There's a habit of gamers to engage in their trauma via gaming. Not in a way that I've seen to be healthy or productive. Sure, there are a few of us who are working with a therapist and know that gaming allows us to explore and respond to our trauma in ways that can be safer. Yet how many of us talk about that when we head into the game? How many of us go into a game where we're risking triggering ourselves and haven't told our GM or fellow players? How many of us then talk about our trauma with the GM, the designer, or our fellow players without asking? How many of us assume people want to hear our war stories?

Almost two decades into gaming and I can recall every time this has happened to me. I can talk about, with a strange clarity, each time someone has unloaded their trauma on to me after a game has knowingly hit those beats for them. They pushed the game in that direction and they focused the narrative into a space where they could do some exposure therapy while also playing a role playing game. Did they ask me if I wanted to do this with them? Did they ask the table? Did they even ask themselves?

Those are some of the hardest questions to answer when it comes to people exploring trauma at the table. I know I have played games where I was deliberately angling to enter a space I could explore my hangups in. I know I have also played games and designed characters that dealt with stuff that was familiar to me, not with the intent of exploring it, but just because it was familiar, and sometimes that got out of hand. And sometimes because someone pushed in a direction I didn't account for. There are lots of ways for it to go sideways.

When I made my character who had an abusive father, I didn't even consider how I felt about abusive parents. My father was emotionally abusive and while he never hit me, I was always slightly afraid he would. In game, the scene turned into my father raising his hand to hit me after I came home late (oh Monsterhearts) and I realized I needed to stop. This was before I had really used an X-Card and I remember going, "Hey, I can't do this. I need to veil this." I had made this character who was dealing with an abusive parent and I realized, partly, this was because I was also dealing with the memories of an abusive parent.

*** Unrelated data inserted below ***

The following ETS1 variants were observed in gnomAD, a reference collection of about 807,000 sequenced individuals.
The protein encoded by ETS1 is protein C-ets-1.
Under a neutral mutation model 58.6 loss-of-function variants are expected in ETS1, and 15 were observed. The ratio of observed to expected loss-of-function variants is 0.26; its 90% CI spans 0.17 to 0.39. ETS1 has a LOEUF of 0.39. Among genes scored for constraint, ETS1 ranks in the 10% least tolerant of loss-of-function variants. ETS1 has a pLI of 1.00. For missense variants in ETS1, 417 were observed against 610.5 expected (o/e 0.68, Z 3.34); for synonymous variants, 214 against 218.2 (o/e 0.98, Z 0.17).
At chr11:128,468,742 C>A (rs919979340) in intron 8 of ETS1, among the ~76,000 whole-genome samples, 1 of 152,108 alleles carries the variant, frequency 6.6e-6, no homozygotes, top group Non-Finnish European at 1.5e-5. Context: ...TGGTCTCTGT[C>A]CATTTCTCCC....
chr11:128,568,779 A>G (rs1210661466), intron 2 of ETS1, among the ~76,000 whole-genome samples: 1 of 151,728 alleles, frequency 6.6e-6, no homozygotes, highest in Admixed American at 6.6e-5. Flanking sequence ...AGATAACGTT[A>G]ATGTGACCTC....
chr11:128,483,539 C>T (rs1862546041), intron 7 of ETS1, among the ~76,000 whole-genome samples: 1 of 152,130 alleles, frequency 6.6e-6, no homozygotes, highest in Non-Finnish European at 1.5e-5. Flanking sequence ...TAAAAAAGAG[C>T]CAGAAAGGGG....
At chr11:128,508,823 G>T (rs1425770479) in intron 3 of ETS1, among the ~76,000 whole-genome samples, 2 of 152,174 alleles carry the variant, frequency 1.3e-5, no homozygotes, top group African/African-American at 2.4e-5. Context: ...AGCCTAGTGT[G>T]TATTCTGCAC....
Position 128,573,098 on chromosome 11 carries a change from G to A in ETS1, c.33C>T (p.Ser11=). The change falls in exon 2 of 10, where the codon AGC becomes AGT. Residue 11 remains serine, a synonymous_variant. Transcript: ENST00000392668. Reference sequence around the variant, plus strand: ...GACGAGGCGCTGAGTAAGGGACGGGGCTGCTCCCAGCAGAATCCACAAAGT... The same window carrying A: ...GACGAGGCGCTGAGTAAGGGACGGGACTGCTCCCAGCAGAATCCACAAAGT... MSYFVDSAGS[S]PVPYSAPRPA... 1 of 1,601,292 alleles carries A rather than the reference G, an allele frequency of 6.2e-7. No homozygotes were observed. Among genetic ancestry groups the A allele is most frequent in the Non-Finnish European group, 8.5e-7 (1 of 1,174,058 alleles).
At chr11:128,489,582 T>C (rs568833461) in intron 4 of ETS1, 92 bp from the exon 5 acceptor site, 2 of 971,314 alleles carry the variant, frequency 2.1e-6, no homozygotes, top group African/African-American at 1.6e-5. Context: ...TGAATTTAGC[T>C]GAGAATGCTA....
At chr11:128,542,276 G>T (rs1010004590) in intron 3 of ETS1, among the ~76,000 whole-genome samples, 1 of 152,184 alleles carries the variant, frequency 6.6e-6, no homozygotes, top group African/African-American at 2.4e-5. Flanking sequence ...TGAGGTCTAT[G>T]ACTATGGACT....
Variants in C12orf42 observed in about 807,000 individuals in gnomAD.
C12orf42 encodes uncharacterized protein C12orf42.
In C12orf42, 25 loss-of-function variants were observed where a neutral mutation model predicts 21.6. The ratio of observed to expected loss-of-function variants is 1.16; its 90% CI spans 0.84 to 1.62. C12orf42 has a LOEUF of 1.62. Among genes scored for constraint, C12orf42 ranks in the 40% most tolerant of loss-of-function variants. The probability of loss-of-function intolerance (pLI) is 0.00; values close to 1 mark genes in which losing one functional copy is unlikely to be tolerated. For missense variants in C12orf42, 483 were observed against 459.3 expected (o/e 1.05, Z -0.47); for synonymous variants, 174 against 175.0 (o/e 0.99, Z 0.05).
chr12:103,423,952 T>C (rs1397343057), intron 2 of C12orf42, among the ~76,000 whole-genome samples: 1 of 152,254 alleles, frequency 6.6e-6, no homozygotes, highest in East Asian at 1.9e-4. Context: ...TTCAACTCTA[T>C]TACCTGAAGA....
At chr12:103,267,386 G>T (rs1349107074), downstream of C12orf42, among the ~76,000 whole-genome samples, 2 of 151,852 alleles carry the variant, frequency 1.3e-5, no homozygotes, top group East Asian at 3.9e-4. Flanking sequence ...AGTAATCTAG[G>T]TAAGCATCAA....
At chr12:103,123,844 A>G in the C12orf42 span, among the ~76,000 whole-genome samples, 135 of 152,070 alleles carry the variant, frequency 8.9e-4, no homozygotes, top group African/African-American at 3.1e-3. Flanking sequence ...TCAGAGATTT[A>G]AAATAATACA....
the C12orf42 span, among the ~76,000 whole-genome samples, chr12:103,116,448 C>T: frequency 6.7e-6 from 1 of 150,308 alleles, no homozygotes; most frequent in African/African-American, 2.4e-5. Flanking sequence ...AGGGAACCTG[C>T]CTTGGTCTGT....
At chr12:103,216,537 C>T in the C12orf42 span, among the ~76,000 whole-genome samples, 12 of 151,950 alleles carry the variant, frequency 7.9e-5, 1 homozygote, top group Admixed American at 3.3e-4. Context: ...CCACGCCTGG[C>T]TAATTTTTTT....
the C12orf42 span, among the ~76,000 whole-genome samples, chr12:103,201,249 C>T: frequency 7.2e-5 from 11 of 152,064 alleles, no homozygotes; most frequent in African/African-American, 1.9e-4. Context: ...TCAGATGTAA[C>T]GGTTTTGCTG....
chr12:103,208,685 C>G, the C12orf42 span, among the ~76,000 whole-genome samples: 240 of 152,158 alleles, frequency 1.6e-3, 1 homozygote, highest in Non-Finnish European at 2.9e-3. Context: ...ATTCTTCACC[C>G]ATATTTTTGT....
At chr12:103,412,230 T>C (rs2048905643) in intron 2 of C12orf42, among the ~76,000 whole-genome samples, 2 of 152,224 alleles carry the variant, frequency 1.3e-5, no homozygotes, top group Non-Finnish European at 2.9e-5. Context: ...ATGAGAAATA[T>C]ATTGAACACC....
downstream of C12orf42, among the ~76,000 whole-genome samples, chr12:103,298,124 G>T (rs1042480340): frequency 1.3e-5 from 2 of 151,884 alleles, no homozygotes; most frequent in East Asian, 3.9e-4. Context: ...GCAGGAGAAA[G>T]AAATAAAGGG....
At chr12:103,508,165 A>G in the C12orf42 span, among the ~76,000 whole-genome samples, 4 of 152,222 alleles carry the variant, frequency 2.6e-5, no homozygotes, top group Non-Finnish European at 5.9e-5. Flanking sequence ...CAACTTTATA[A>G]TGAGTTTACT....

I didn't ask anyone else if that was okay. Instead, I forged ahead like I knew what I was doing and that I was fine. I would walk away feeling shaken and sickened after a game, even though nothing had really happened.

In another game, I had a parent get murdered, and as a person whose parent died when I was young, I should have said "no, not this" but instead I thought I'd be brave and just go for it. That game still hurts my heart to think about and that character deeply impacted me.

In both of those cases, I should have thrown up the orange flag and said "Hey, I'm not okay. I have these issues in my life and while I may be okay playing them, are other people okay with the fact I may be triggered?" Why? Because realistically, they're gonna hear about me talking about my trauma. And when we talk about our trauma with people, we inevitably end up sharing something really awful that we didn't ask them to hear. We just... told them. I don't know how many times I didn't ask for someone to listen to me unpack my rapes. I just told them. I should have asked.

Lots of people experience trauma. It's a horrible thing to experience. We are so naturally inclined towards talking about it with others because being understood and being heard can help us process that trauma. And yet, so rarely do we stop to think about consent of those around us. The consent of the listener or listeners is never the topic of conversation. I've seen so many people post on social media about someone unloading their trauma on to them without asking, and now they're unwell and struggling.